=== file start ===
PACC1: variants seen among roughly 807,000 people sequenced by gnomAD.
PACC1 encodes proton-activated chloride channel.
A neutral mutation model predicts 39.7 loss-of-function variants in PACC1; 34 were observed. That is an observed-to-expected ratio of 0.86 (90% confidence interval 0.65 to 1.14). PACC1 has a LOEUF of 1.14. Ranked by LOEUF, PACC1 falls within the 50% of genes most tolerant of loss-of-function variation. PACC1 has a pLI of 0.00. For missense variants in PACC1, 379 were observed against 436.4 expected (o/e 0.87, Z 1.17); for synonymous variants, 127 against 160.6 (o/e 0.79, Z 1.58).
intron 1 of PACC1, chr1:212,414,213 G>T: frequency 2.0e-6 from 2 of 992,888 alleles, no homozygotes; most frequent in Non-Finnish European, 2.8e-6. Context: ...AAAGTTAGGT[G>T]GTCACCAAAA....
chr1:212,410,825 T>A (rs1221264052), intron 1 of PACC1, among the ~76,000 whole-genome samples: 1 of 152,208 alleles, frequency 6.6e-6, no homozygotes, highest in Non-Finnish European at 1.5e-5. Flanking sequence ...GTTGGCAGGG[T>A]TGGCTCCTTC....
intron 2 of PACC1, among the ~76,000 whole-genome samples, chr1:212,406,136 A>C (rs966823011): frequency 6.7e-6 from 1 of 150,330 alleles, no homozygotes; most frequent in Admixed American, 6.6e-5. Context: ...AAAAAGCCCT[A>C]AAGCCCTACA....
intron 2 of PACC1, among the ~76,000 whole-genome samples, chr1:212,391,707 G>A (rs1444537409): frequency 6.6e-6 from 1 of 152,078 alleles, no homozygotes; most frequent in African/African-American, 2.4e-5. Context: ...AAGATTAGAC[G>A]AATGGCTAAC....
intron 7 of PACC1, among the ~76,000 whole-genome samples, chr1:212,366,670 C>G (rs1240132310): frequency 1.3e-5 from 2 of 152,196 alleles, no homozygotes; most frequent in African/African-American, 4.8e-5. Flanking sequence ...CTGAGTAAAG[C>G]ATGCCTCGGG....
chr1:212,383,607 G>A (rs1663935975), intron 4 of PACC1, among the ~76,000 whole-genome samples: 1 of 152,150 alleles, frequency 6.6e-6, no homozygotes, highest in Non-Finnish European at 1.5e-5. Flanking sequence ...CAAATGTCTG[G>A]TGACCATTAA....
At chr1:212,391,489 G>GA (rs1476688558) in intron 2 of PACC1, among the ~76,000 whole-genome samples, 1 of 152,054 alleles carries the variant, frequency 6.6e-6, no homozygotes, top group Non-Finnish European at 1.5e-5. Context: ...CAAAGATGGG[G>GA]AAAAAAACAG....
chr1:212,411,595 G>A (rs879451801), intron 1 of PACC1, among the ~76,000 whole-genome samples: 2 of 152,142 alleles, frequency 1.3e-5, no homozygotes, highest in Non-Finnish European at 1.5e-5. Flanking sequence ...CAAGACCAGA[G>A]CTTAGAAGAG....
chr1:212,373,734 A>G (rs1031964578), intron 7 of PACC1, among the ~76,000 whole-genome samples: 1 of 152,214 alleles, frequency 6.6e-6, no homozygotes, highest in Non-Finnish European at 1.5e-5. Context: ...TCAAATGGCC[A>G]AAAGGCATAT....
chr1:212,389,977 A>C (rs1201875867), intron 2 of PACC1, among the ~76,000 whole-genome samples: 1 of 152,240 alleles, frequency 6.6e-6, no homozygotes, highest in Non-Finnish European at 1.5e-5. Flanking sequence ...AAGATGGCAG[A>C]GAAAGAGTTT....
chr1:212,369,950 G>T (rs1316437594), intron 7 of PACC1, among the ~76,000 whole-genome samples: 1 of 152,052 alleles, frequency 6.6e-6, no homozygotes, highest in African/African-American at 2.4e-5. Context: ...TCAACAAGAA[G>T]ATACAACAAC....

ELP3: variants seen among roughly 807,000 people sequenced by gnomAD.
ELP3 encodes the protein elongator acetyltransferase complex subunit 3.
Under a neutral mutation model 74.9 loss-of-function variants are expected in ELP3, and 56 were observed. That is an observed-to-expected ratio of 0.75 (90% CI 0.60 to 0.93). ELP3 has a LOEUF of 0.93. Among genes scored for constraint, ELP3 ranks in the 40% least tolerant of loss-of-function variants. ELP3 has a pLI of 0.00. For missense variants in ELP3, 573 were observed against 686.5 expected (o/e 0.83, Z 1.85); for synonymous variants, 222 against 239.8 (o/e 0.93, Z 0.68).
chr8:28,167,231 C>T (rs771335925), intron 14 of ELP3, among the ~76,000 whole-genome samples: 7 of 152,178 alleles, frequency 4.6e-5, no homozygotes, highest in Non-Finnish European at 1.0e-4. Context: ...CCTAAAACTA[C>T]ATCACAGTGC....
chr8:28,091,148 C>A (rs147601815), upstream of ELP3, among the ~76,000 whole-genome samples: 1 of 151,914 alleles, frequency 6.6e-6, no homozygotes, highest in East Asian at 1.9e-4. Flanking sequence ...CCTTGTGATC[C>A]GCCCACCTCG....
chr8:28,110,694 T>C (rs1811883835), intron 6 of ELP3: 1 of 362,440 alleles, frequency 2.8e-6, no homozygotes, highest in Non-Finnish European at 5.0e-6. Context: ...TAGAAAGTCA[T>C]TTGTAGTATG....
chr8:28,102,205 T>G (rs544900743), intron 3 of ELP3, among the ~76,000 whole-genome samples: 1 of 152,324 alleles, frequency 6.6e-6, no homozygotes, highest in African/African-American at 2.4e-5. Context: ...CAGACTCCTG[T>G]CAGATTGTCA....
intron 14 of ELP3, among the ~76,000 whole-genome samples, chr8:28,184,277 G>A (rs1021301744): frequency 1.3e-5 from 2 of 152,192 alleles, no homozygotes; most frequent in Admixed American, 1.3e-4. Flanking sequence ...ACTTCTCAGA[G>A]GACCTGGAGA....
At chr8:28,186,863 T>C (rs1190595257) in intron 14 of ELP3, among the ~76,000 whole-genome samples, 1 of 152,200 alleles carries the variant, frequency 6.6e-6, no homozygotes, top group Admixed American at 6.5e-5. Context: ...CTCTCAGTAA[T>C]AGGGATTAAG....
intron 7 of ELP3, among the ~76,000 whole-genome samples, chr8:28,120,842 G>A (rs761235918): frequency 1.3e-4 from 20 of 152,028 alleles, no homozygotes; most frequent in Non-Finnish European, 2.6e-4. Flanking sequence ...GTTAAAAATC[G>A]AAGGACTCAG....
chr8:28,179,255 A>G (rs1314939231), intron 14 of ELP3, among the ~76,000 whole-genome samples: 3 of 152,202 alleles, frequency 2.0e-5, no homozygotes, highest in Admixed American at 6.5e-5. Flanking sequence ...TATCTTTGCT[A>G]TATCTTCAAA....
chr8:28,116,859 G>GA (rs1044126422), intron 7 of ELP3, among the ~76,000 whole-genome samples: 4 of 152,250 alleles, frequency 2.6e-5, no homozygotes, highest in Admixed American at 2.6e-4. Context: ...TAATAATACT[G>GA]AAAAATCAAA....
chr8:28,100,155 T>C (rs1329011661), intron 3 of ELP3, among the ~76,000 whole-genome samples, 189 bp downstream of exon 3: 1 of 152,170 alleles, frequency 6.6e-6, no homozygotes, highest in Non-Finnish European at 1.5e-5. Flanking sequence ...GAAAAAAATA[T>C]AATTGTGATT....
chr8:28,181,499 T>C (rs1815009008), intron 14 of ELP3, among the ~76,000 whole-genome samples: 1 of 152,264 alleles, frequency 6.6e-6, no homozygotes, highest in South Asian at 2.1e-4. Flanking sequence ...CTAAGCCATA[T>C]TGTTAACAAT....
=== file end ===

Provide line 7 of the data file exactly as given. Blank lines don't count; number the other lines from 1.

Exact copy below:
intron 2 of PACC1, among the ~76,000 whole-genome samples, chr1:212,391,707 G>A (rs1444537409): frequency 6.6e-6 from 1 of 152,078 alleles, no homozygotes; most frequent in African/African-American, 2.4e-5. Context: ...AAGATTAGAC[G>A]AATGGCTAAC....